[00:32:32] Drumm McNaughton: How’s that sound?

[00:32:33] Phil Hill: That makes a lot of sense to me. And tech is definitely touching more and more. So part of what’s good is it’s integrated. You get into the broader subjects, just not the tech itself.

[00:32:42] Drumm McNaughton: You certainly hope so. I know when I work with clients, it’s not technology for technology sake, it’s tech for business sake. How can we use technology to solve business problems? So for me, you’ve got a fascinating background. If you wouldn’t mind sharing a little bit of that with the guests? Blow me away as you always do.

[00:33:04] Phil Hill: Well, so speaking of technology, I am an engineer by trade, if you will, engineering background, but I always fit between the engineering and the business that was being done, whether it was when I was in the military or out. out. It was always, how does technology get used? So I was doing that for a while and I guess I got tired of having a respectable job. So I tried a hostile takeover of a company, back in 2000 and, that failed. And that’s where I discovered the lesson that if you try a hostile takeover and it fails, you tend to lose your job. And that put me into consulting. And consulting, I needed to pick a market and education was the one I enjoyed the most. And there was a great need for how do you effectively use technology and education.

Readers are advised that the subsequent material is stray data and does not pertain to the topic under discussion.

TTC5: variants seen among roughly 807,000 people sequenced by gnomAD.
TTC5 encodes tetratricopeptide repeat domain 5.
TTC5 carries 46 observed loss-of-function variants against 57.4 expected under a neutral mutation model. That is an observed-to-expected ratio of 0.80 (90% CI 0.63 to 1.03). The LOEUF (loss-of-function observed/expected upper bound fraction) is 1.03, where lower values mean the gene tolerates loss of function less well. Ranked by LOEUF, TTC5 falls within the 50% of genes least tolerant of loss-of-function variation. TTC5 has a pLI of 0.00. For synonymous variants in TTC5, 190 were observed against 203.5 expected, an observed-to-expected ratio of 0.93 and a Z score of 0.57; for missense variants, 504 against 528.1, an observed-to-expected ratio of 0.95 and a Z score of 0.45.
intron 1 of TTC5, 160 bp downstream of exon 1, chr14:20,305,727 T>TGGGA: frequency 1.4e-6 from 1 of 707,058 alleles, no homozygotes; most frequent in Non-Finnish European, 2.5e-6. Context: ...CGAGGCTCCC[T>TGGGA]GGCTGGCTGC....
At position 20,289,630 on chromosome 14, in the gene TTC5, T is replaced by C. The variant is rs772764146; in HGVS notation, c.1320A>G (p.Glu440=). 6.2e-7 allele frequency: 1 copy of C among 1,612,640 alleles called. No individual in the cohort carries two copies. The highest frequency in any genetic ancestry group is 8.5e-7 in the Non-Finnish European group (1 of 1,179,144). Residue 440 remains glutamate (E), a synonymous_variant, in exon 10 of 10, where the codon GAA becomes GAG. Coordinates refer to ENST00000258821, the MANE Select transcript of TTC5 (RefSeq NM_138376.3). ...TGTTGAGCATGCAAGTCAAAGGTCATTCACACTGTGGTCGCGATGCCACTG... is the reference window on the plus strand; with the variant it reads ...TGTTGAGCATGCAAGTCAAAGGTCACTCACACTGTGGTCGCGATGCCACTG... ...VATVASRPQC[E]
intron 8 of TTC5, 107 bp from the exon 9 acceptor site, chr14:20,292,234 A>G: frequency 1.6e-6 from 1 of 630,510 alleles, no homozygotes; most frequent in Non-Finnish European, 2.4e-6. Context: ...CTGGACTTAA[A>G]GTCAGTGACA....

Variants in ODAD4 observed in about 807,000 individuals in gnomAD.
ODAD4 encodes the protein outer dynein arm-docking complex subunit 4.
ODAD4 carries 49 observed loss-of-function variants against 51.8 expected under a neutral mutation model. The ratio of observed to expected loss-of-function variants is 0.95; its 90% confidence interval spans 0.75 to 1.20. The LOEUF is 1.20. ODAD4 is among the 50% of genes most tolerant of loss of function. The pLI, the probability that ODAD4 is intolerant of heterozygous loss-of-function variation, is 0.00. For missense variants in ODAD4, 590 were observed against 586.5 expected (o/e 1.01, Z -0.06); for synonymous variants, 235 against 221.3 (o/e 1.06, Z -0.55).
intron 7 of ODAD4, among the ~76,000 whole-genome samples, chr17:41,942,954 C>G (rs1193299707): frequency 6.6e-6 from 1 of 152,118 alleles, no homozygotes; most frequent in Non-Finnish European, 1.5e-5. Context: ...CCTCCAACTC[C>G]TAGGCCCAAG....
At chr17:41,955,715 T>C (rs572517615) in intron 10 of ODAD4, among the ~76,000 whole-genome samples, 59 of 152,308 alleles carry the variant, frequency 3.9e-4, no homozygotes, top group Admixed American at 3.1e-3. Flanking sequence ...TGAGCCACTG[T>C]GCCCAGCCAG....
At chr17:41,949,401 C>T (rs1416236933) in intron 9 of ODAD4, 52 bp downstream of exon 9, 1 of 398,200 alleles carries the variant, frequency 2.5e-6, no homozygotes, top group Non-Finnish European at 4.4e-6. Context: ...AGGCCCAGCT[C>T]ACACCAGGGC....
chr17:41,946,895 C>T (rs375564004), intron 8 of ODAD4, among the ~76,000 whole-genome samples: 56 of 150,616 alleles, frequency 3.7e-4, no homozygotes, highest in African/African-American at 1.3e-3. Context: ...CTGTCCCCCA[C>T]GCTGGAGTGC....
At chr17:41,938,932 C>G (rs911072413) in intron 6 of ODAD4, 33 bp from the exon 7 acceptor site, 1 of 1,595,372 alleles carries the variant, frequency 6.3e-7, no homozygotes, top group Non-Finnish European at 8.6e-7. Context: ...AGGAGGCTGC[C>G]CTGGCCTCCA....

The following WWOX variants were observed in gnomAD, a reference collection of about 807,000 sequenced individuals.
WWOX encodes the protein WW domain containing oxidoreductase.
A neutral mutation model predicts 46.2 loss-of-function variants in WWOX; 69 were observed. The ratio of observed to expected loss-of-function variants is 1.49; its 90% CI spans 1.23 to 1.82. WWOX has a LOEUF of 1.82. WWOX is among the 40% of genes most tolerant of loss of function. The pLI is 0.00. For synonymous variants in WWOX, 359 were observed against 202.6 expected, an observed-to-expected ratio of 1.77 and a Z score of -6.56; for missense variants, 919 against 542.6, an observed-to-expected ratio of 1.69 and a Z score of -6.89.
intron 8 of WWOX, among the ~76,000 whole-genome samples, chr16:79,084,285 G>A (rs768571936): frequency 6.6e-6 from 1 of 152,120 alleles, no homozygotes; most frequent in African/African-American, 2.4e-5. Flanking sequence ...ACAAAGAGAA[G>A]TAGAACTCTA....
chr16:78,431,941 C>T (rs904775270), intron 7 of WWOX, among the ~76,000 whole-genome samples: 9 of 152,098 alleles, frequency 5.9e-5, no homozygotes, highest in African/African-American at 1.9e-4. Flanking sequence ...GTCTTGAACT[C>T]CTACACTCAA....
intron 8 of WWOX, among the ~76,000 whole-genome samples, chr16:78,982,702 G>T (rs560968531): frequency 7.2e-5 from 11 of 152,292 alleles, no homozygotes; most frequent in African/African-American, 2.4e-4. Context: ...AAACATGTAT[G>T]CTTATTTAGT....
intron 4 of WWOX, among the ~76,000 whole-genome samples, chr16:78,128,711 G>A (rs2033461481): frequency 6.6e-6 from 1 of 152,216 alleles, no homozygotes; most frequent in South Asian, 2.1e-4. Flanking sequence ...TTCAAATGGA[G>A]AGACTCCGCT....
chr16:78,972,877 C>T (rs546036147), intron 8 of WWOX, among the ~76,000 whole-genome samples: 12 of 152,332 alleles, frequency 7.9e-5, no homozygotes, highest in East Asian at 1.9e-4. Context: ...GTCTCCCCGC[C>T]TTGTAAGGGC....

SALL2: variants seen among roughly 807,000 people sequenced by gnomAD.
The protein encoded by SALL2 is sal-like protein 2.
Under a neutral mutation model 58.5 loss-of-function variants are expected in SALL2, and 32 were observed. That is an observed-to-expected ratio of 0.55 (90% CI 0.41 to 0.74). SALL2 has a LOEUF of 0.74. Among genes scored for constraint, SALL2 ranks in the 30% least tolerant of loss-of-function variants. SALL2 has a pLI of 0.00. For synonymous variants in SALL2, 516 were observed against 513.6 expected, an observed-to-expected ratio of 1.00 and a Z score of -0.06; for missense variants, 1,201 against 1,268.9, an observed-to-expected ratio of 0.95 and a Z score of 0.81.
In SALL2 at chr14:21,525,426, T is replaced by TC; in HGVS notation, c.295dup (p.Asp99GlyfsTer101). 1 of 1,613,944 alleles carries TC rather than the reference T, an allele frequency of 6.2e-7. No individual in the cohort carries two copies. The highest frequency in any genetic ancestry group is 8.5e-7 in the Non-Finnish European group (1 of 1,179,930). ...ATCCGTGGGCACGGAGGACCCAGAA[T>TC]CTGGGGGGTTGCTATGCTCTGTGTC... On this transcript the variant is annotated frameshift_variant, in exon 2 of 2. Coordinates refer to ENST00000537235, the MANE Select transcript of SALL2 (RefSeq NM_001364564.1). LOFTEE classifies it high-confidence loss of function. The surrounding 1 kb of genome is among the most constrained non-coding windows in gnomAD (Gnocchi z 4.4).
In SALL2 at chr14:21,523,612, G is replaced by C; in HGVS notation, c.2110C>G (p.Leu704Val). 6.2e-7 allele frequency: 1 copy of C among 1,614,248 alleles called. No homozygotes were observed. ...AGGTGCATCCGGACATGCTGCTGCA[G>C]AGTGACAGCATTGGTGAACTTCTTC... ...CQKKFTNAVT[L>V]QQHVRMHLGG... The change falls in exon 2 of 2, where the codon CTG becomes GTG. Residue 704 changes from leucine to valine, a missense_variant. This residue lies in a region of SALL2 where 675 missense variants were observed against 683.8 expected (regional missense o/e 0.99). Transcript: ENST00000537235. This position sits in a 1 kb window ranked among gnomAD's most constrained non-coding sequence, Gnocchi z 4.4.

[00:33:54] Phil Hill: So, just over two decades ago really started focusing on educational technology and mostly in higher education, but somewhat in K -12 and other spaces as well.

[00:34:05] Phil Hill: And essentially what I do is focus on how do you use it effectively? And it’s at the intersection. Sometimes it’s helping schools understand markets. You know, why is the technology do what it does? And what can I expect in the future? Who can be my best partner? A lot of times it’s the reverse. Technology companies wanting to understand why do higher education institutions work the way they do.

[00:34:31] Phil Hill: and lately,

[00:34:33] Drumm McNaughton: I can’t help but laughing on that one.

[00:34:34] Phil Hill: yeah, well, and it’s, yeah, it almost becomes a marriage counselor in a dysfunctional marriage. And, that’s the challenge. But lately, there’s been so much significant change in academia, that I’ve fallen much more into a role of looking at the bigger, broader trend. Enrollments, regulations, finances, because these broad, macro trends, even outside the control of education, they’re impacting education.

[00:35:04] Phil Hill: And so a lot of the role that I’ve really, been doing over the past five or six years has been getting in to understand these broader trends. broader movements and what it means and how it’s impacting and likely to impact not just educational technology, but how it is deployed in colleges and universities.

[00:35:23] Drumm McNaughton: Mm-Hmm. , what does a typical engagement look like for you? Or is there such a thing?

[00:35:27] Phil Hill: Well, by usually we do shorter term engagement, particularly if there’s a defined thing, we need to develop a virtual lab strategy so that we can do, you know, wet labs in an online course. And a typical one with the school, it might be a couple of months of working with them on how to pick a vendor, but realizing the real problem is, do you know what your strategy is in the first place? Do you know what’s unique about yourself? Now, you’re ready to pick a vendor. Having said that, our biggest client, we’ve been working with the Colorado Community College System for over three and a half years as they’re transforming how they’re doing online education across the state.